Scientists have determined that a skull found in a crab pot off the coast two years ago dates back about 2,300 years, Grays Harbor County Coroner Lane Youmans said last week.
The skull was discovered by a fisherman in late February 2014 about three miles offshore and southwest of Grays Harbor and was turned over to the FBI for DNA analysis. A sample of it was sent to Beta Analytics in Miami for radiocarbon dating. An earlier report indicated the DNA profile showed the sample was from a female.
Returning to descendants
“The lab analyzed the sample and determined it to be approximately 2,300 years old … around 360 to 400 B.C.,” Youmans said. “The remains will be turned over to Dr. Guy Tasa … the Washington State Physical Anthropologist in Olympia … so he can release them to the appropriate tribe.”
Tasa, Youmans said, researches where remains are found and compares that to the information he has gathered on where various Native American tribes were living so it can be returned to the proper descendants.
Youmans said there have been several other Native American remains recovered over the years from the coastal area, most notably when the Quinault Beach Casino was putting in a sewer line and uncovered a burial site. But none of the finds are as old as the skull found near Westport.
“I was told those remains were 800 to 1,200 years old,” he said.
Additional information on the placement with the appropriate tribe will be released when it becomes available.
While on what would normally be a routine trip out to harvest his crab catch on Feb. 21, 2014, Westport resident Phil Westrick pulled a pot that contained a bizarre surprise in the form of the human skull.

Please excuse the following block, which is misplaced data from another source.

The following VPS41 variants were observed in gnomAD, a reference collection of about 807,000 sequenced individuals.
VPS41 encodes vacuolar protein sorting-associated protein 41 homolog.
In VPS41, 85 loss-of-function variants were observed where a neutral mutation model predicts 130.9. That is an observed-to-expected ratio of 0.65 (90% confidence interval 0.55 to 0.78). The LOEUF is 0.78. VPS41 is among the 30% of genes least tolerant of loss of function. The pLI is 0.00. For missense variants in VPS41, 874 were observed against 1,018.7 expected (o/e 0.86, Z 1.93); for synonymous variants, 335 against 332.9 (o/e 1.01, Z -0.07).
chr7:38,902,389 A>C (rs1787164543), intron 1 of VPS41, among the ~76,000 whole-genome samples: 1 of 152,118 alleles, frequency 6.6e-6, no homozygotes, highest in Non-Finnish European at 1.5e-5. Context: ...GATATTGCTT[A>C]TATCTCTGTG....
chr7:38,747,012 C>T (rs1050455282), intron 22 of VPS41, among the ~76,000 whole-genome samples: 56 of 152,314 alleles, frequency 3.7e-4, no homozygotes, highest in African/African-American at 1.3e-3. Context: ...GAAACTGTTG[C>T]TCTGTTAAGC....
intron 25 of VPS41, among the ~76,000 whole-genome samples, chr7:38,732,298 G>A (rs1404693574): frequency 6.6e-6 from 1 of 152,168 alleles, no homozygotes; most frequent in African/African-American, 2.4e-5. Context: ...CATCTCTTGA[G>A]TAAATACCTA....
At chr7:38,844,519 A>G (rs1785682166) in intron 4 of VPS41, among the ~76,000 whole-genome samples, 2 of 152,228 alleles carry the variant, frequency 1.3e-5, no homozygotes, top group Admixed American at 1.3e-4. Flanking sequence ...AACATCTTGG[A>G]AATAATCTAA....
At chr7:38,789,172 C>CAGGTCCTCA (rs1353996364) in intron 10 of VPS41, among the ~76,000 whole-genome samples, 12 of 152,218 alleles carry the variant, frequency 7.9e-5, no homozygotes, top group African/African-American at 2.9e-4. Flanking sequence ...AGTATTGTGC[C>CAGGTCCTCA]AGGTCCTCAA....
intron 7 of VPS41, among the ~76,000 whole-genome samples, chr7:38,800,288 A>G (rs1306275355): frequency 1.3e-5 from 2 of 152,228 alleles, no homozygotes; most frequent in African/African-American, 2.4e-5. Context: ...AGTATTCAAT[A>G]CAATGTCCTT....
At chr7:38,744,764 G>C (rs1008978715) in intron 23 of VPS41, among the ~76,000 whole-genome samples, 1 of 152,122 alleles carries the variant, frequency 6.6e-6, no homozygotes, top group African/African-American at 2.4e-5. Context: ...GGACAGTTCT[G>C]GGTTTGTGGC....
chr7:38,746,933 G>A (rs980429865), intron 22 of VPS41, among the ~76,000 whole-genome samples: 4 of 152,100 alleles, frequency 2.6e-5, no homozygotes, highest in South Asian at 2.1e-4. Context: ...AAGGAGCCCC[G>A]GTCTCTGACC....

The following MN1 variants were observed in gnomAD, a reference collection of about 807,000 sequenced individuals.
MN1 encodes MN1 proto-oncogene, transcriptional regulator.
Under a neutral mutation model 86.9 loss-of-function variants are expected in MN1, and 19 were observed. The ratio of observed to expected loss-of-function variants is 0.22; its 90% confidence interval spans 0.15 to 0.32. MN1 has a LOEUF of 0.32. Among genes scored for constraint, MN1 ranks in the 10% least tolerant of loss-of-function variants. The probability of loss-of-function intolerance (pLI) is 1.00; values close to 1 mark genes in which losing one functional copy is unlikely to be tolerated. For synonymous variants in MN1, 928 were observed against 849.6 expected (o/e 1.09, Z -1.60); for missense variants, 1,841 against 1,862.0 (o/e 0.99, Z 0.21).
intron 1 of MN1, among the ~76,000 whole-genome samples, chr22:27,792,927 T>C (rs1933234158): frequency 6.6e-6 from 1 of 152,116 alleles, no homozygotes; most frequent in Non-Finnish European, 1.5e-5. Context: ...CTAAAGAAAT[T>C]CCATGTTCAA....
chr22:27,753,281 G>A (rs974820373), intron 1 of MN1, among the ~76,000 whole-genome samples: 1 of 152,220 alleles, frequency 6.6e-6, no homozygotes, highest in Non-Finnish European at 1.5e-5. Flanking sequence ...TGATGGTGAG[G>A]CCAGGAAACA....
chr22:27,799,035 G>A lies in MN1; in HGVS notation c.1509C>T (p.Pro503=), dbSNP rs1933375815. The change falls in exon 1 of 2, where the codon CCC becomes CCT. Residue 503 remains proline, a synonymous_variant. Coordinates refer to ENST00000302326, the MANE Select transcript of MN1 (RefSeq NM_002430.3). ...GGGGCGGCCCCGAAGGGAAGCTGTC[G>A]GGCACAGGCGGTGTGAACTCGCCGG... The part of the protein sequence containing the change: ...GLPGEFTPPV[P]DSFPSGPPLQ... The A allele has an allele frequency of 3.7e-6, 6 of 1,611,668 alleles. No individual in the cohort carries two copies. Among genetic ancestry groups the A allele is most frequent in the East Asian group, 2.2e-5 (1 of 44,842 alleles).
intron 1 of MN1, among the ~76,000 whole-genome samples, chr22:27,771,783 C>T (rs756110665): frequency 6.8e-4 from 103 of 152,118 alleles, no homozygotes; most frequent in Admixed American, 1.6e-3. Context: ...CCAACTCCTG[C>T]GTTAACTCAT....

The pot was a little more than two miles off the coast at a depth of 90-100 feet, and according to Westrick, had been on the bottom for about a week.
He owns the charterboat Ultimate that he skippers during the recreational fishing season and then uses for crab fishing during the winter.
Immediately following his discovery, Westrick called Coast Guard Station Grays Harbor to report the find. The station shared the information with the Westport Police Department, which then notified the Grays Harbor County Sheriff’s Office. A deputy met the Ultimate when it docked to take possession of the skull.
According to Undersheriff Dave Pimentel, the skull was then sent to the King County Medical Examiner’s Office where it was verified as human. It is believed to have belonged to a younger person who has been deceased for some time. The King County Medical Examiner sent the skull on to the FBI for further analysis and priority DNA testing, which then resulted in the skull sample being sent to Beta Analytics.
As news spread of Westrick’s find, rumors ran rampant throughout Grays Harbor County that it could be the skull of McCleary resident Lindsey Baum, who went missing June 26, 2009 after leaving a friend’s house in her neighborhood. She was 10 at the time. That case has yet to be solved.
The Grays Harbor County Sheriff’s Office confirmed on April 4, 2014, that DNA analysis by the FBI determined that the skull was female, but did not match that of the missing girl. The DNA profile also was entered into CODIS (Combined DNA Index System), but no matches were found.
Westrick was relieved and delighted to learn that the origin of the skull has been determined.
“There was so much speculation back then,” he said. “People thought up all kinds of crazy things. Some said it had to be Lindsey Baum, some speculated that it came from a crewman who fell off a cargo ship and some even believed that it came from one of the graves at the old North Cove Cemetery that was washed away many years ago.
“To find out where the skull actually came from is cool and to know that it will now travel full circle and be returned to whatever tribe it came from is a really good thing,” he said.